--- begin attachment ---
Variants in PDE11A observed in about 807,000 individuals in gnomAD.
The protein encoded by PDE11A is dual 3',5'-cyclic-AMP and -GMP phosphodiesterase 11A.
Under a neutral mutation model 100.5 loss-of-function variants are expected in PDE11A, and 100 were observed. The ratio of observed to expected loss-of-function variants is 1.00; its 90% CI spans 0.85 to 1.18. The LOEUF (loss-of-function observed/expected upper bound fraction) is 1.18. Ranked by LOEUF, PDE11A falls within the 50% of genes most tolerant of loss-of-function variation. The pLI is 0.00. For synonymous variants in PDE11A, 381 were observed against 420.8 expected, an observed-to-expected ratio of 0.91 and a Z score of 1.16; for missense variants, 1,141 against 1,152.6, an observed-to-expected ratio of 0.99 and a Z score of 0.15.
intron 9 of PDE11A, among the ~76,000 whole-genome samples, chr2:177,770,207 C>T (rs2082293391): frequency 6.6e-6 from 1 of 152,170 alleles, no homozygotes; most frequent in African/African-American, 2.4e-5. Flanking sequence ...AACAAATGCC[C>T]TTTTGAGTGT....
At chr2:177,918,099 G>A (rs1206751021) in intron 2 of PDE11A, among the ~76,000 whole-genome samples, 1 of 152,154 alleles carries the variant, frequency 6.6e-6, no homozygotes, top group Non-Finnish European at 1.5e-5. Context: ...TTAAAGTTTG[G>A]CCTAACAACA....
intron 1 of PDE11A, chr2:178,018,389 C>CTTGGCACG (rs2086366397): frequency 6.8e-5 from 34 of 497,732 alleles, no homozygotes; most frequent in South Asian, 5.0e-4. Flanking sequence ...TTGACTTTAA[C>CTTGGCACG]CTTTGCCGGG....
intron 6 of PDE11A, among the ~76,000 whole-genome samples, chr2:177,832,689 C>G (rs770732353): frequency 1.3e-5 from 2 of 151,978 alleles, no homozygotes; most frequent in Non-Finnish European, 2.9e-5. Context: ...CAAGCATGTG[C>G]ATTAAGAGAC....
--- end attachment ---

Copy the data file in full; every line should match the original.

Variants in PDE11A observed in about 807,000 individuals in gnomAD.
The protein encoded by PDE11A is dual 3',5'-cyclic-AMP and -GMP phosphodiesterase 11A.
Under a neutral mutation model 100.5 loss-of-function variants are expected in PDE11A, and 100 were observed. The ratio of observed to expected loss-of-function variants is 1.00; its 90% CI spans 0.85 to 1.18. The LOEUF (loss-of-function observed/expected upper bound fraction) is 1.18. Ranked by LOEUF, PDE11A falls within the 50% of genes most tolerant of loss-of-function variation. The pLI is 0.00. For synonymous variants in PDE11A, 381 were observed against 420.8 expected, an observed-to-expected ratio of 0.91 and a Z score of 1.16; for missense variants, 1,141 against 1,152.6, an observed-to-expected ratio of 0.99 and a Z score of 0.15.
intron 9 of PDE11A, among the ~76,000 whole-genome samples, chr2:177,770,207 C>T (rs2082293391): frequency 6.6e-6 from 1 of 152,170 alleles, no homozygotes; most frequent in African/African-American, 2.4e-5. Flanking sequence ...AACAAATGCC[C>T]TTTTGAGTGT....
At chr2:177,918,099 G>A (rs1206751021) in intron 2 of PDE11A, among the ~76,000 whole-genome samples, 1 of 152,154 alleles carries the variant, frequency 6.6e-6, no homozygotes, top group Non-Finnish European at 1.5e-5. Context: ...TTAAAGTTTG[G>A]CCTAACAACA....
intron 1 of PDE11A, chr2:178,018,389 C>CTTGGCACG (rs2086366397): frequency 6.8e-5 from 34 of 497,732 alleles, no homozygotes; most frequent in South Asian, 5.0e-4. Flanking sequence ...TTGACTTTAA[C>CTTGGCACG]CTTTGCCGGG....
intron 6 of PDE11A, among the ~76,000 whole-genome samples, chr2:177,832,689 C>G (rs770732353): frequency 1.3e-5 from 2 of 151,978 alleles, no homozygotes; most frequent in Non-Finnish European, 2.9e-5. Context: ...CAAGCATGTG[C>G]ATTAAGAGAC....